Celebrity chef Paula Deen’s decision to become a pitchwoman for a diabetes drug is leaving a bad taste in the mouths of Madison Avenue branding experts.
Ms. Deen, a Food Network star known for her fat-laden recipes, disclosed on Tuesday that she has had Type 2 diabetes for about three years and that she has signed on to be the spokeswoman for Novo Nordisk AS, which makes diabetes drugs such as Victoza.
Obesity increases people’s risk for Type 2 diabetes, according to the American Diabetes Association. Novo Nordisk is launching a new marketing campaign featuring Ms. Dean to show off healthy recipes. For instance, the drug maker’s website provides a recipe for lasagna made with low-fat ingredients including extra-lean ground beef and reduced-fat cheese. It’s a far cry from Ms. Deen’s typical recipes that have included “Deep-Fried Mac and Cheese” and “Fried Butter Balls.”
Ad executives say this switch will confuse consumers. Her brand is all about “rich, tasty and decadent eating” but now she is supposed to be about “eating healthy and low fat,” said Allen Adamson, managing director of Landor New York, a branding firm owned by WPP PLC. “It’s a big change to expect consumers to buy into,” he added.
Many consumers bemoaned and mocked the news on social-media sites such as Twitter. “I think it’s completely gross that Paula Deen made $$$ pushing food that makes you sick and will now make $$$ pushing the medication for it,” read one Tweet.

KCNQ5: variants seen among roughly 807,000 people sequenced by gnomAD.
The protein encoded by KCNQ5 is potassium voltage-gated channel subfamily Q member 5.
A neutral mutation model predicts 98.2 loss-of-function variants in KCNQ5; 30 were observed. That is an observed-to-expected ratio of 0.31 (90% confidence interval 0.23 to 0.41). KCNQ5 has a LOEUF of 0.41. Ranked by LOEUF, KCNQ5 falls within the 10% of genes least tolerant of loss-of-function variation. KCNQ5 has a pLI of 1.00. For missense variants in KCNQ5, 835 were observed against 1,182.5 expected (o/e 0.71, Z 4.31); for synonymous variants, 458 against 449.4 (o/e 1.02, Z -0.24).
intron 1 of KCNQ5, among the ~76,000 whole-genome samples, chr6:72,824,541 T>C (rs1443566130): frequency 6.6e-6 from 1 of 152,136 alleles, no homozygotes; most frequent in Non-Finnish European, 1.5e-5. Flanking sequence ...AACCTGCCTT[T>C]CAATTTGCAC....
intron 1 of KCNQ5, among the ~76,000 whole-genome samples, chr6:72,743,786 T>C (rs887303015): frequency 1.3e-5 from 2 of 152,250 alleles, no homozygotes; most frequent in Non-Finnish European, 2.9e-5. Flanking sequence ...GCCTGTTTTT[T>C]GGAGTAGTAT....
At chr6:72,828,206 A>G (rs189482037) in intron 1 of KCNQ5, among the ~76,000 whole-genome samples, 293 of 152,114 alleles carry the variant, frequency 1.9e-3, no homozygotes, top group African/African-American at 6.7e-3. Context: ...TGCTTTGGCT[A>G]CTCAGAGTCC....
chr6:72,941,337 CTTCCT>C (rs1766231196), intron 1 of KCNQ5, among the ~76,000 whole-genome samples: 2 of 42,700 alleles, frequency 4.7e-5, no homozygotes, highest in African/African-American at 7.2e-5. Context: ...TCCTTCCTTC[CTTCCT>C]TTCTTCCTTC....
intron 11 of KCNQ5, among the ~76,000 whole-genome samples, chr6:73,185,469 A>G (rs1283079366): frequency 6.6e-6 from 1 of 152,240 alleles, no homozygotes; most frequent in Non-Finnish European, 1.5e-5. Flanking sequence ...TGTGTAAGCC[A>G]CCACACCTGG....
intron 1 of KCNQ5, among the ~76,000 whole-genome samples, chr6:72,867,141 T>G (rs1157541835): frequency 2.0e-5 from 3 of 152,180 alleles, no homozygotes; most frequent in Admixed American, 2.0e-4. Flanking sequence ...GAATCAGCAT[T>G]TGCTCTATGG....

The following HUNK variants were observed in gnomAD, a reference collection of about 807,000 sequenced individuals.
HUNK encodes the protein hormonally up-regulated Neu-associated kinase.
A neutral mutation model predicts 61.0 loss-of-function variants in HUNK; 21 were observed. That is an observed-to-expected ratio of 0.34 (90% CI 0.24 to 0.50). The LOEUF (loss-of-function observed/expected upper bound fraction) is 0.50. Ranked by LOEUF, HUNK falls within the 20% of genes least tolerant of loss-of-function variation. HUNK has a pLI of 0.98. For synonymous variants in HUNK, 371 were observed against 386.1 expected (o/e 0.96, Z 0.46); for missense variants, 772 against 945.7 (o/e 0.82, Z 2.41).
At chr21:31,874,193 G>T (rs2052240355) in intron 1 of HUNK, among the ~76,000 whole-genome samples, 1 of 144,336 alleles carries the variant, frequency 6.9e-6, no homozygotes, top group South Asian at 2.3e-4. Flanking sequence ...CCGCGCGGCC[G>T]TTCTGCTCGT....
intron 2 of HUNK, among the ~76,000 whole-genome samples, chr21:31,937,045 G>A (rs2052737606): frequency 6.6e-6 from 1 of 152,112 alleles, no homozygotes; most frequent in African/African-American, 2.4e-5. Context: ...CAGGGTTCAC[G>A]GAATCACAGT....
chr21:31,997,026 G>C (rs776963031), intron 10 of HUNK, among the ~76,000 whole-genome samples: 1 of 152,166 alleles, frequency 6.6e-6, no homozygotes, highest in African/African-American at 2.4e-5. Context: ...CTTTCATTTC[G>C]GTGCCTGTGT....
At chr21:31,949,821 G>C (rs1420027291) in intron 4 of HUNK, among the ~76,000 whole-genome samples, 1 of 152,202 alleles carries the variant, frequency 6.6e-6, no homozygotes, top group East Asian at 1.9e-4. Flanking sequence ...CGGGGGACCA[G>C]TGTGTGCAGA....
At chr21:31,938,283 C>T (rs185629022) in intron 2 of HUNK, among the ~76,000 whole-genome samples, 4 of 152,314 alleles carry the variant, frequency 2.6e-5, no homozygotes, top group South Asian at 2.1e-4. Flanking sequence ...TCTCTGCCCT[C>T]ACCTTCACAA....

A spokeswoman for Novo said it chose Ms. Deen because she “resonates with people” and she has “the power to make a difference.” Her new emphasis on healthy foods could undercut her existing cookbooks “that are all tied to fatty foods,” noted Dean Crutchfield, a branding expert at Caffeine. If it’s going to succeed, Mr. Crutchfield said Ms. Deen is “going to have to change her shows and all the recipes she puts out there.”
A spokeswoman for Ms. Deen said that the chef will be creating lighter alternatives for her recipes and is in discussions with the Food Network to have those recipes incorporated into her show. Still, the spokeswoman added that Ms. Deen will also “stay true to her Grandmama Paul’s Southern cooking, which is part of her heritage.”
Odd alliances aren’t unknown on Madison Avenue. In 2002, B.B. King simultaneously promoted Burger King and diabetes products, including a blood-sugar test kit by LifeScan Inc., a unit of Johnson & Johnson.
Write to Suzanne Vranica at firstname.lastname@example.org